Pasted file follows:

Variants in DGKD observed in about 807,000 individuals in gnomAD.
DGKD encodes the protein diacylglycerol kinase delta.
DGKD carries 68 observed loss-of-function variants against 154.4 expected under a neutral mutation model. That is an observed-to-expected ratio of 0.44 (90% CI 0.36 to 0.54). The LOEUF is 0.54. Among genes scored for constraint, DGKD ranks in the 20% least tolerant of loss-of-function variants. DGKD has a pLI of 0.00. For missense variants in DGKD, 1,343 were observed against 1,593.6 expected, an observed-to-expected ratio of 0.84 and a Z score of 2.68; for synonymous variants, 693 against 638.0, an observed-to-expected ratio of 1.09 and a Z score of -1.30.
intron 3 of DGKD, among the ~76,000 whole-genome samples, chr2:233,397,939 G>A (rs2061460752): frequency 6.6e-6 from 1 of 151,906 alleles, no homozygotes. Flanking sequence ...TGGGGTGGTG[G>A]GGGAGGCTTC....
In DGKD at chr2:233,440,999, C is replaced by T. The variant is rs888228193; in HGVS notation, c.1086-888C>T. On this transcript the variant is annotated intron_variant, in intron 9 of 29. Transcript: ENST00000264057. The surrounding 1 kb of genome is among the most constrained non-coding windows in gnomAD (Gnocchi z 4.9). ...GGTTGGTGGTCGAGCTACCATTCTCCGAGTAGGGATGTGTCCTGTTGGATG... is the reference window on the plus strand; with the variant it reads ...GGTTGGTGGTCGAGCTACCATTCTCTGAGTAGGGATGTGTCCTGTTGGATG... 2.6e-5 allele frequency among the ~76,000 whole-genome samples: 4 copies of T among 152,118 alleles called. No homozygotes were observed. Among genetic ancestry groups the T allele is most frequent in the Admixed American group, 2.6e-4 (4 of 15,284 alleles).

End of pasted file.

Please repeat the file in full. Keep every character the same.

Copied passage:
Variants in DGKD observed in about 807,000 individuals in gnomAD.
DGKD encodes the protein diacylglycerol kinase delta.
DGKD carries 68 observed loss-of-function variants against 154.4 expected under a neutral mutation model. That is an observed-to-expected ratio of 0.44 (90% CI 0.36 to 0.54). The LOEUF is 0.54. Among genes scored for constraint, DGKD ranks in the 20% least tolerant of loss-of-function variants. DGKD has a pLI of 0.00. For missense variants in DGKD, 1,343 were observed against 1,593.6 expected, an observed-to-expected ratio of 0.84 and a Z score of 2.68; for synonymous variants, 693 against 638.0, an observed-to-expected ratio of 1.09 and a Z score of -1.30.
intron 3 of DGKD, among the ~76,000 whole-genome samples, chr2:233,397,939 G>A (rs2061460752): frequency 6.6e-6 from 1 of 151,906 alleles, no homozygotes. Flanking sequence ...TGGGGTGGTG[G>A]GGGAGGCTTC....
In DGKD at chr2:233,440,999, C is replaced by T. The variant is rs888228193; in HGVS notation, c.1086-888C>T. On this transcript the variant is annotated intron_variant, in intron 9 of 29. Transcript: ENST00000264057. The surrounding 1 kb of genome is among the most constrained non-coding windows in gnomAD (Gnocchi z 4.9). ...GGTTGGTGGTCGAGCTACCATTCTCCGAGTAGGGATGTGTCCTGTTGGATG... is the reference window on the plus strand; with the variant it reads ...GGTTGGTGGTCGAGCTACCATTCTCTGAGTAGGGATGTGTCCTGTTGGATG... 2.6e-5 allele frequency among the ~76,000 whole-genome samples: 4 copies of T among 152,118 alleles called. No homozygotes were observed. Among genetic ancestry groups the T allele is most frequent in the Admixed American group, 2.6e-4 (4 of 15,284 alleles).